A new system of management was used for leasehold[6] farmers’ group sites in both the low and transitional belts: one ploughing with a local plough was done after paddy harvest; FYM at 5 t ha-1 was broadcast uniformly; and another ploughing done. The recommended dose of fertilizer was 80:60:40 kg (N:P2O5:K2O). Nitrogen was given in three doses, after each cut, under irrigated conditions; as a single basal dose under rainfed conditions (fertilizer was applied in the furrows, covered with a thin soil layer and seed was sown immediately on the same line and smoothly covered). After sowing, a land leveller was used to ensure good seed contact with soil and moisture. Where oats were sown in mixtures with vetch or pea, the legumes were first inoculated. The first cut was taken after 45-50 days, and subsequent cuts at 30-day intervals.

In the low belt (400-1 200 m) of all leasehold districts, relatively larger amounts of green fodder were obtained from the oat+legume mixture than from pure crops of either. During 1996-98 at low altitudes, the average yields of oat+vetch, oat+pea and oat alone were 31, 27 and 25 t ha-1, respectively. There was a tremendous increase in yield in 1999-2001, due to better management by the farmers and the realization of the contribution oats could make to milk yields (Table 7.15). Comparing the two methods, i.e. recommended (with fertilizer) regime and the original farmer practice (no fertilizer use), the recommended method gave more than twice the yield in both the Low Hills and the transitional belt.

In Makawanpur, the highest yield was obtained from oats+vetch; in Kavre, from oats+berseem; in Sindhuplanchowk, from berseem; in Ramechap, from oats+peas, and in Dhading it was oats+berseem. With usual farmer practises for manure application (control), the treatments that gave the highest yields were oats+vetch, berseem, oats+vetch and oats+vetch in Makwanpur, Kavre, Sindhupalchowk, Ramechap and Dhading, respectively. This suggests that at low levels of fertility, the oats+vetch combination performs best (Table 7.15).

In the transitional belt, with recommended practices of manure and fertilizer application, oats+vetch, oats+vetch, oats+vetch, oats and oats were the highest yielders in Makawanpur, Kavre, Sindhupalchowk, Ramechap and Dhading, respectively. However, with the control treatment of only manure application, oats+vetch, oats+pea, oats+vetch, oats and oats were the highest yielders in Makawanpur, Kavre, Sindhupalchowk, Ramechap and Dhading, respectively (Table 7.16).

TABLE 7.15
Average green matter yields (t ha-1) for various crop combinations (fertilized and unfertilized) in Makwanpur, Kavre, Sindhupalchok and Ramechap (1996-98) and in Makwanpur, Kavre, Sindhupalchok, Ramechap and Dhading (1999-2001) in the low belt (400-1200 m)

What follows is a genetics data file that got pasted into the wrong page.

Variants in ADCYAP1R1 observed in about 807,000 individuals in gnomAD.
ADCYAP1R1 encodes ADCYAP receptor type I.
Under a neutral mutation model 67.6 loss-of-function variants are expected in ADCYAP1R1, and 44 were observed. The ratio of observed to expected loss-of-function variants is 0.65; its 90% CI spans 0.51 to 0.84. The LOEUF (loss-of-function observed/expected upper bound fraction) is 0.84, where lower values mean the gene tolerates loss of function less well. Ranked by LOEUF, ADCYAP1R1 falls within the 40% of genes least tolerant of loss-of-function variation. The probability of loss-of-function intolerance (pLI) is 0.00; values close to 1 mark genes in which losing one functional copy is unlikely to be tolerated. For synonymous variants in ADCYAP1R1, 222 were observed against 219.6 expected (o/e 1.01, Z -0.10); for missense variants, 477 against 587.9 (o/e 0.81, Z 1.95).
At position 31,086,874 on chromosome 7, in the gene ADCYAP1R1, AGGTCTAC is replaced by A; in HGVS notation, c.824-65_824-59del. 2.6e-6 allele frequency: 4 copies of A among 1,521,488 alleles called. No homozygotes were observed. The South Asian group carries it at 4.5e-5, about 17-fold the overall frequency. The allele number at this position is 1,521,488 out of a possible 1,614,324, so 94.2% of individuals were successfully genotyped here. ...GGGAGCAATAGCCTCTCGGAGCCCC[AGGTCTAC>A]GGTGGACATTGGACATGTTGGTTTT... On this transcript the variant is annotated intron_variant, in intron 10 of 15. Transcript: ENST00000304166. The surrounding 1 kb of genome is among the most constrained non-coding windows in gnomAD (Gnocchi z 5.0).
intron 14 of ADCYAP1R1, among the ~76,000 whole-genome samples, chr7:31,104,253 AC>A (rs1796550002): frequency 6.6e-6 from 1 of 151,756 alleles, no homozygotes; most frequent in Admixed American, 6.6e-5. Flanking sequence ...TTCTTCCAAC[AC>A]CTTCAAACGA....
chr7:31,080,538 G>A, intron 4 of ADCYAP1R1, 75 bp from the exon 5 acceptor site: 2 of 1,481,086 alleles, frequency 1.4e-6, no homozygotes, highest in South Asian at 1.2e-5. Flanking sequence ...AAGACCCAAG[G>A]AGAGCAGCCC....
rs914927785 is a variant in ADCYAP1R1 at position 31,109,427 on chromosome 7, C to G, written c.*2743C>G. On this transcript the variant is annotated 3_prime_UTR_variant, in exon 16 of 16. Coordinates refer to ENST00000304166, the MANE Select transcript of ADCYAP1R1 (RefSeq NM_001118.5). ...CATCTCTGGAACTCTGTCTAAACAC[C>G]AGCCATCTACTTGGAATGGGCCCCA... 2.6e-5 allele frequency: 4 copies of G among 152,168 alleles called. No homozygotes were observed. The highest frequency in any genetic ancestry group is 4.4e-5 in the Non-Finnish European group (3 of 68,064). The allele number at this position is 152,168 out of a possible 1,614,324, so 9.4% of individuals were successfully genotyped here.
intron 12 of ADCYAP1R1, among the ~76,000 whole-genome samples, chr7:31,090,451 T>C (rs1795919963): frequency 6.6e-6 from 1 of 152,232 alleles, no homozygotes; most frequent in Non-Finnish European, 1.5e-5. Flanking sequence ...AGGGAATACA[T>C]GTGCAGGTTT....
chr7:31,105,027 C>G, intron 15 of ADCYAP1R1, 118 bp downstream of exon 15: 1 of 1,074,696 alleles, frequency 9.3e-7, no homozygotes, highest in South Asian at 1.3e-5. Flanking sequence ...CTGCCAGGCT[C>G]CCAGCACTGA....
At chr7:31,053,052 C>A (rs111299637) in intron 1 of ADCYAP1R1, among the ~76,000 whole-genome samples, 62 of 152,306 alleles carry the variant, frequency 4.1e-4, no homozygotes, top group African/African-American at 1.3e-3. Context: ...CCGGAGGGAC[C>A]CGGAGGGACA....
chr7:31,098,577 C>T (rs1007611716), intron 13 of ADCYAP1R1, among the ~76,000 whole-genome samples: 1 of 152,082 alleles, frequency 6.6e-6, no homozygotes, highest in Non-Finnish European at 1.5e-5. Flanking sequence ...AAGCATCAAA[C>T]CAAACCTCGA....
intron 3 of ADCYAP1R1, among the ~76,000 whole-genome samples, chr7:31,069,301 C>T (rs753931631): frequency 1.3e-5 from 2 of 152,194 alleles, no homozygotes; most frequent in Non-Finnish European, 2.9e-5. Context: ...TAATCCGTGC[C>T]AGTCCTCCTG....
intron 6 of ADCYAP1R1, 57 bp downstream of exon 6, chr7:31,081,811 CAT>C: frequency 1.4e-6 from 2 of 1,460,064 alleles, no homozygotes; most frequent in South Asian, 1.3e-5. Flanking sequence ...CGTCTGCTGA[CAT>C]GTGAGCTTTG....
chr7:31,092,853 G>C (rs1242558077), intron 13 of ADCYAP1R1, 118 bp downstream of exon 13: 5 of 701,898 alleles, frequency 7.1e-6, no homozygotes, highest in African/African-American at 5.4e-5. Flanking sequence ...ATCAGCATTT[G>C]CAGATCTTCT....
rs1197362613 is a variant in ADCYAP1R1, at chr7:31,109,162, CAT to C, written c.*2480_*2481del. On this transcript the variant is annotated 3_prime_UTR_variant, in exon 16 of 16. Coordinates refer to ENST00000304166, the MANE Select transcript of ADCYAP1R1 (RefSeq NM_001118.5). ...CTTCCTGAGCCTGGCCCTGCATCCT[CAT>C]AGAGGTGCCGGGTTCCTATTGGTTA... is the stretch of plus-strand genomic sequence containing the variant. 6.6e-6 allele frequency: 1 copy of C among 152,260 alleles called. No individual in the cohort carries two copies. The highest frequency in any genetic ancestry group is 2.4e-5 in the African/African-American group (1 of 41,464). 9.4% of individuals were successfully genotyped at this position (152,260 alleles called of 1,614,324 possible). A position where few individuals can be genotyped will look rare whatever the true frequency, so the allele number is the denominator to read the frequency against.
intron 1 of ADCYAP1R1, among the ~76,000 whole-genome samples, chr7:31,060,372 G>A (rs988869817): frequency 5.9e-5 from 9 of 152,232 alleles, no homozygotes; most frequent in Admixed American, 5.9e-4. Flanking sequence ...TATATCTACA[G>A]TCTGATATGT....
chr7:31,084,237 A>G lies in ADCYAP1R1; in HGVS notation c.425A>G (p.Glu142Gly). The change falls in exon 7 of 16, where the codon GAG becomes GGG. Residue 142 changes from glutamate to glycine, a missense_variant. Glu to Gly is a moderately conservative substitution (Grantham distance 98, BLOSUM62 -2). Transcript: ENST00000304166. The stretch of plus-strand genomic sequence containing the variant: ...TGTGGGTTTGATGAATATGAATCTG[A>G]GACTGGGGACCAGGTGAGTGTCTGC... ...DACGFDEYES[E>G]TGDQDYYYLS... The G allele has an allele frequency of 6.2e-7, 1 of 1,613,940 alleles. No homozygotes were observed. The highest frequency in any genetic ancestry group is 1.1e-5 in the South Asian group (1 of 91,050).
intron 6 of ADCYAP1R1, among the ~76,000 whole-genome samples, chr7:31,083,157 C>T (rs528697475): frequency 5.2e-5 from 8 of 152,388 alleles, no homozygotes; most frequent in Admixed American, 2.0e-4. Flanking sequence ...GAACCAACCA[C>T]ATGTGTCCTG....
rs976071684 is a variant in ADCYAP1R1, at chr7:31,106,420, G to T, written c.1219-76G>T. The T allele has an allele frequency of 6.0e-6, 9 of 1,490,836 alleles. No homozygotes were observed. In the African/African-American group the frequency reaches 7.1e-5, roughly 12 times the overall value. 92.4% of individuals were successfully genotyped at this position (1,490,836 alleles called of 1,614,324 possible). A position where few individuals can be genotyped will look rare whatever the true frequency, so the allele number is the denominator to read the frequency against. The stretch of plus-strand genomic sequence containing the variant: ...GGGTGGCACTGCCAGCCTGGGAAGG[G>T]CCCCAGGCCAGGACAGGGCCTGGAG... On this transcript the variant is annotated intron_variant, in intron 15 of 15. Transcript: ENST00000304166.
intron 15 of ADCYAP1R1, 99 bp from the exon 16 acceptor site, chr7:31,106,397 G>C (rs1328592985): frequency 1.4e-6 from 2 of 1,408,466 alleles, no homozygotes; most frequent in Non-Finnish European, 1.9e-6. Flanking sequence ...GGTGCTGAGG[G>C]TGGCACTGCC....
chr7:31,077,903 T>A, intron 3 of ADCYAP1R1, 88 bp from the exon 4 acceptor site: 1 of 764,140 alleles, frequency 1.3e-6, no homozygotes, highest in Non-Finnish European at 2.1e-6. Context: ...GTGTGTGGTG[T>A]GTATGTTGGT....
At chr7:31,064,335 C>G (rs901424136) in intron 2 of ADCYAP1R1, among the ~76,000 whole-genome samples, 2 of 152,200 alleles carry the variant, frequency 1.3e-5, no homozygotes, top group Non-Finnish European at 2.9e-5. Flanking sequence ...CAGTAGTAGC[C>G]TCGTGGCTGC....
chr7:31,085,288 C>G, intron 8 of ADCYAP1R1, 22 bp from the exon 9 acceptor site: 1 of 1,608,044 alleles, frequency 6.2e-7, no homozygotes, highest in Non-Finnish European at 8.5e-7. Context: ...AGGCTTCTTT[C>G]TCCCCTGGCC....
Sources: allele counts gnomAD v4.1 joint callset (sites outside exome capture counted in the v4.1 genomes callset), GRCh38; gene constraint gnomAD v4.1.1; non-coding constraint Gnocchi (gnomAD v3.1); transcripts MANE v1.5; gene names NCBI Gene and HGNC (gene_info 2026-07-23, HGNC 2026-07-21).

With fertilizer

No fertilizer






























TABLE 7.16
Average green matter yields (t ha-1) for various crop combinations (fertilized and unfertilized) in Makwanpur, Kavre, Sindhupalchok and Ramechap (1996-98) and in Makwanpur, Kavre, Sindhupalchok, Ramechap and Dhading (1999-2001) in the transitional belt (1 200-1 800 m)


With fertilizer

Without fertilizer




















Oat seed production from Leasehold Group sites

To provide seed and generate income, seed production was organized with leasehold farmers (Figures 7.7 and 7.8). During 1996/1998, the highest average seed yields were obtained in Ramechap. In Kavre and Sindhupalchok Districts, all three treatments produced a consistent level of seed. In Makawanpur, oat as a pure crop produced as much as 3.6 t ha-1 of seed. In Ramechap, oats+vetch mixture gave 2.6 t ha-1 of oat seed.

During 1999-2001, five districts in the low altitude (400-1 000 m) and transitional belts (1 201-1 800 m) were selected for seed production of oat, vetch, pea and berseem (low altitude belt) and oat, vetch and pea in the transitional belt. In the transitional belt, yields of oat seed were 1.82-5.3 t ha-1; vetch yielded 0.12-1.1 t ha-1; pea yielded 0.02-0.5 t ha-1; in the low belt, the highest yields were: oats, 3.7 t ha-1; vetch, 1.1 t ha-1; pea, up to 0.7 t ha-1; and berseem, 1.1 t ha-1.

Oats in commercial dairy pockets

A continuous programme of dairy farmer-oriented research to upgrade the feed situation in dairy pockets has been conducted in six districts (Pariyar et al., 1996, 1999). During 1996-98, dairy pockets selected for integrated research were in Rupandehi, Kaski and Illam districts, and in Kavre (Figure 7.9), Dhading and Rautahat in 1999-2001.

Two trials were carried out (one involving eight promising oat cultivars and the other oats mixed with vetch (Vicia dasycarpa) and pea (Pisum sativum) from 1996 to 1998 in Rupendehi (500-600 m), Kaski (800-850 m) and Illam (1 500- 1 550 m), and from 1999 to 2001 in Kavre (890-1 020 m), Dhading (810-840 m) and Rautahat (500-550 m). With the recommended treatment (5 t FYM ha-1 + N: P2O5:K2O at 80:60:40 kg ha-1), all cultivars yielded more than under traditional farm practice (5 t FYM ha-1). Similarly, although environmental and management factors play a major role in fodder production, higher yields were obtained in subsequent years (Tables 7.17 and 7.18).